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Art therapy for children who have left their home

Illustration: #JuliaTveritina


More than half of Ukrainian children were forced to flee their hometowns as a result of the full-scale Russian invasion. Many have received traumas for the rest of their lives after shelling, difficult evacuation or the death of loved ones. In safer cities, children are helped to cope with stress by art therapy, which is carried out in orphanages, hospitals and bomb shelters.

Back in the spring, children from orphanages from Luhansk and Donetsk Oblasts were evacuated to Lviv. Olena, an employee of the Mriia (Dream) educational and rehabilitation center, says that art is the next basic need after food and treatment for these children. Therefore, artists and volunteers come to the orphanages, conducting classes in painting on glass, tailoring, carpentry, pottery and making stained glass. At one of the classes, children made necklaces from clay, while Lviv craftswomen painted the products. Money from the sale of jewelry was spent on body armor for the military.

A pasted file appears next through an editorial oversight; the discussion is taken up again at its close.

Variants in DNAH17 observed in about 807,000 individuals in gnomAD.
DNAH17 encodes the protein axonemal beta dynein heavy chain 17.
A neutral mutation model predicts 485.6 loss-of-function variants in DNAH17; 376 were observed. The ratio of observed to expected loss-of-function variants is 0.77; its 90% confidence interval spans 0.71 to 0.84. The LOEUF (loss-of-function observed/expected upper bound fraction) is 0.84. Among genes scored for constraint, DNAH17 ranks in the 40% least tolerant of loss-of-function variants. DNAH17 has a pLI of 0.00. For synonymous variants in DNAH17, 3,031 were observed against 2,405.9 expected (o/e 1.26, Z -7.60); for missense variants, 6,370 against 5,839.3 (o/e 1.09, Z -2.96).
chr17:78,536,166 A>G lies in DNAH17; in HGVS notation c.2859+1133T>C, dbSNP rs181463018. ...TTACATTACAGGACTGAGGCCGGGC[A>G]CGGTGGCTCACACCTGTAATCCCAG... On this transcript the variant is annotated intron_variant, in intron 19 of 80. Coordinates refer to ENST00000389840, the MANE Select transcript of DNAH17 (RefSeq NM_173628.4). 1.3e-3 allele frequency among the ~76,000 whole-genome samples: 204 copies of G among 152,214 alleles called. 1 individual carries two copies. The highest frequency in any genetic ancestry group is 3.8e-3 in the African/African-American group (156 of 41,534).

Creative activities also help children get used to having to spend a lot of time in shelters when an air raid alert sounds. In Zhytomyr, the project Art in a Bunker was launched in May, where children, together with their parents, painted the walls of the basement of their house. The design of the drawings was developed by the artist Anastasiia Sladkovska, who was inspired by the traditional Petrykivka and Samchykivka paintings. Colored walls should make it easier for children to stay in the shelter.

At the same time, the With an Angel on my Shoulder foundation takes care of children in Lviv hospitals. To support displaced children with oncology, volunteers hold art workshops. Children create talismans for themselves: they attach a pearl, bead and feather to a wooden heart, after which they dip their finger in paint and leave their imprint on amulets. Such a self-made guardian angel helps the child to survive difficult times.


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